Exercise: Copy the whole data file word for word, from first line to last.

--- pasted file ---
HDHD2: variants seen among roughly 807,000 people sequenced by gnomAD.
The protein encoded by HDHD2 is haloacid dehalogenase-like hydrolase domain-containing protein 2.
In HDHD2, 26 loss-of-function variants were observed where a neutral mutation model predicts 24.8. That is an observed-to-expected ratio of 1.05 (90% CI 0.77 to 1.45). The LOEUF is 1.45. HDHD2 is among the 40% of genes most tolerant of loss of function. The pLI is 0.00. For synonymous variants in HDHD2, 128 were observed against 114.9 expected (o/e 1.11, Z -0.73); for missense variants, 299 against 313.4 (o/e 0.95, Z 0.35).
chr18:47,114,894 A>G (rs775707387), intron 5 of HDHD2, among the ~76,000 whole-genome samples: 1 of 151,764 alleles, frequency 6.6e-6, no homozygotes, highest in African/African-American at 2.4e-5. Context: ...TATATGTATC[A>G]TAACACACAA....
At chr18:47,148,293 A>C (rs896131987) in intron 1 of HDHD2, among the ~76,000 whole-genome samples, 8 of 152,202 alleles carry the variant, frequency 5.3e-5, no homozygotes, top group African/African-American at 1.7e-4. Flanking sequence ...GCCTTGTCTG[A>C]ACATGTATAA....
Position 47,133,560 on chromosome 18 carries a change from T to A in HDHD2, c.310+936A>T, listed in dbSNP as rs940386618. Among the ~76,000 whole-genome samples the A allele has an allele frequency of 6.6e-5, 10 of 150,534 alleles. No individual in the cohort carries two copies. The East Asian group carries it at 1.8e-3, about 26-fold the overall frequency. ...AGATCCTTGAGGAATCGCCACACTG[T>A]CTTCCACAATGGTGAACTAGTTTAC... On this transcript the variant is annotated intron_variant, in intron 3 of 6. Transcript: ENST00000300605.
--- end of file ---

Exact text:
HDHD2: variants seen among roughly 807,000 people sequenced by gnomAD.
The protein encoded by HDHD2 is haloacid dehalogenase-like hydrolase domain-containing protein 2.
In HDHD2, 26 loss-of-function variants were observed where a neutral mutation model predicts 24.8. That is an observed-to-expected ratio of 1.05 (90% CI 0.77 to 1.45). The LOEUF is 1.45. HDHD2 is among the 40% of genes most tolerant of loss of function. The pLI is 0.00. For synonymous variants in HDHD2, 128 were observed against 114.9 expected (o/e 1.11, Z -0.73); for missense variants, 299 against 313.4 (o/e 0.95, Z 0.35).
chr18:47,114,894 A>G (rs775707387), intron 5 of HDHD2, among the ~76,000 whole-genome samples: 1 of 151,764 alleles, frequency 6.6e-6, no homozygotes, highest in African/African-American at 2.4e-5. Context: ...TATATGTATC[A>G]TAACACACAA....
At chr18:47,148,293 A>C (rs896131987) in intron 1 of HDHD2, among the ~76,000 whole-genome samples, 8 of 152,202 alleles carry the variant, frequency 5.3e-5, no homozygotes, top group African/African-American at 1.7e-4. Flanking sequence ...GCCTTGTCTG[A>C]ACATGTATAA....
Position 47,133,560 on chromosome 18 carries a change from T to A in HDHD2, c.310+936A>T, listed in dbSNP as rs940386618. Among the ~76,000 whole-genome samples the A allele has an allele frequency of 6.6e-5, 10 of 150,534 alleles. No individual in the cohort carries two copies. The East Asian group carries it at 1.8e-3, about 26-fold the overall frequency. ...AGATCCTTGAGGAATCGCCACACTG[T>A]CTTCCACAATGGTGAACTAGTTTAC... On this transcript the variant is annotated intron_variant, in intron 3 of 6. Transcript: ENST00000300605.